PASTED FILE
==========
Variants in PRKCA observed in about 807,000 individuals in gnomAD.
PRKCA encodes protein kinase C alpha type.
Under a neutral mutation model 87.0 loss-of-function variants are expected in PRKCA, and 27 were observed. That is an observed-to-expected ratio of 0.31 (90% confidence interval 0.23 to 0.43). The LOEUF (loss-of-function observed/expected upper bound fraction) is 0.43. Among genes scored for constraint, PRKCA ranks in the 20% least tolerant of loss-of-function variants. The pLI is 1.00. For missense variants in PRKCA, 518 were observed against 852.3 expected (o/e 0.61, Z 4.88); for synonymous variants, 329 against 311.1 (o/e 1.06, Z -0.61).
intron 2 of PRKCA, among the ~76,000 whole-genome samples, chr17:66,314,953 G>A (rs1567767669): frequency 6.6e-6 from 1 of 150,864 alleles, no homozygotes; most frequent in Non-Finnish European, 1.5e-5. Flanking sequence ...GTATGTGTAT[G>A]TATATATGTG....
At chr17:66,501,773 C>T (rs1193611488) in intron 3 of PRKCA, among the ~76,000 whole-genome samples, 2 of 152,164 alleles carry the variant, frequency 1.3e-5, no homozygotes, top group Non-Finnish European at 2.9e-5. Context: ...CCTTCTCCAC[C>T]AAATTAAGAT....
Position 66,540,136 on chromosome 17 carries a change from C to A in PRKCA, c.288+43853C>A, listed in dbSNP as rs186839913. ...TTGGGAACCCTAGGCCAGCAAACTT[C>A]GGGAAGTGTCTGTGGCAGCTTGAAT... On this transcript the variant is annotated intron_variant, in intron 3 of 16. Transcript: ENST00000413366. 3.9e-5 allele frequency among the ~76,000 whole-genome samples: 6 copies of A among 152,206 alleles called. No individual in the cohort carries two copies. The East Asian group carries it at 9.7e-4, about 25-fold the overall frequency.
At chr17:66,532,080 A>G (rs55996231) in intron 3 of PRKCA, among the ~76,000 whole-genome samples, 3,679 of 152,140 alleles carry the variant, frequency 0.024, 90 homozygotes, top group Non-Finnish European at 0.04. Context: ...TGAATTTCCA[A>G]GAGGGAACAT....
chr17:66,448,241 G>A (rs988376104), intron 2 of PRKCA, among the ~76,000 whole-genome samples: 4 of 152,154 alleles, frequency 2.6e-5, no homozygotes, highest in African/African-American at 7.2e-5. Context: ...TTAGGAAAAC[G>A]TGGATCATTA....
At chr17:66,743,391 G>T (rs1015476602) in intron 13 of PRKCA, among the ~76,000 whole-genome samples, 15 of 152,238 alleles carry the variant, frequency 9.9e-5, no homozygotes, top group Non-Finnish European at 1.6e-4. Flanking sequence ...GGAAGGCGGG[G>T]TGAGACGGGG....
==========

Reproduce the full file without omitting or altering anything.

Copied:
Variants in PRKCA observed in about 807,000 individuals in gnomAD.
PRKCA encodes protein kinase C alpha type.
Under a neutral mutation model 87.0 loss-of-function variants are expected in PRKCA, and 27 were observed. That is an observed-to-expected ratio of 0.31 (90% confidence interval 0.23 to 0.43). The LOEUF (loss-of-function observed/expected upper bound fraction) is 0.43. Among genes scored for constraint, PRKCA ranks in the 20% least tolerant of loss-of-function variants. The pLI is 1.00. For missense variants in PRKCA, 518 were observed against 852.3 expected (o/e 0.61, Z 4.88); for synonymous variants, 329 against 311.1 (o/e 1.06, Z -0.61).
intron 2 of PRKCA, among the ~76,000 whole-genome samples, chr17:66,314,953 G>A (rs1567767669): frequency 6.6e-6 from 1 of 150,864 alleles, no homozygotes; most frequent in Non-Finnish European, 1.5e-5. Flanking sequence ...GTATGTGTAT[G>A]TATATATGTG....
At chr17:66,501,773 C>T (rs1193611488) in intron 3 of PRKCA, among the ~76,000 whole-genome samples, 2 of 152,164 alleles carry the variant, frequency 1.3e-5, no homozygotes, top group Non-Finnish European at 2.9e-5. Context: ...CCTTCTCCAC[C>T]AAATTAAGAT....
Position 66,540,136 on chromosome 17 carries a change from C to A in PRKCA, c.288+43853C>A, listed in dbSNP as rs186839913. ...TTGGGAACCCTAGGCCAGCAAACTT[C>A]GGGAAGTGTCTGTGGCAGCTTGAAT... On this transcript the variant is annotated intron_variant, in intron 3 of 16. Transcript: ENST00000413366. 3.9e-5 allele frequency among the ~76,000 whole-genome samples: 6 copies of A among 152,206 alleles called. No individual in the cohort carries two copies. The East Asian group carries it at 9.7e-4, about 25-fold the overall frequency.
At chr17:66,532,080 A>G (rs55996231) in intron 3 of PRKCA, among the ~76,000 whole-genome samples, 3,679 of 152,140 alleles carry the variant, frequency 0.024, 90 homozygotes, top group Non-Finnish European at 0.04. Context: ...TGAATTTCCA[A>G]GAGGGAACAT....
chr17:66,448,241 G>A (rs988376104), intron 2 of PRKCA, among the ~76,000 whole-genome samples: 4 of 152,154 alleles, frequency 2.6e-5, no homozygotes, highest in African/African-American at 7.2e-5. Context: ...TTAGGAAAAC[G>A]TGGATCATTA....
At chr17:66,743,391 G>T (rs1015476602) in intron 13 of PRKCA, among the ~76,000 whole-genome samples, 15 of 152,238 alleles carry the variant, frequency 9.9e-5, no homozygotes, top group Non-Finnish European at 1.6e-4. Flanking sequence ...GGAAGGCGGG[G>T]TGAGACGGGG....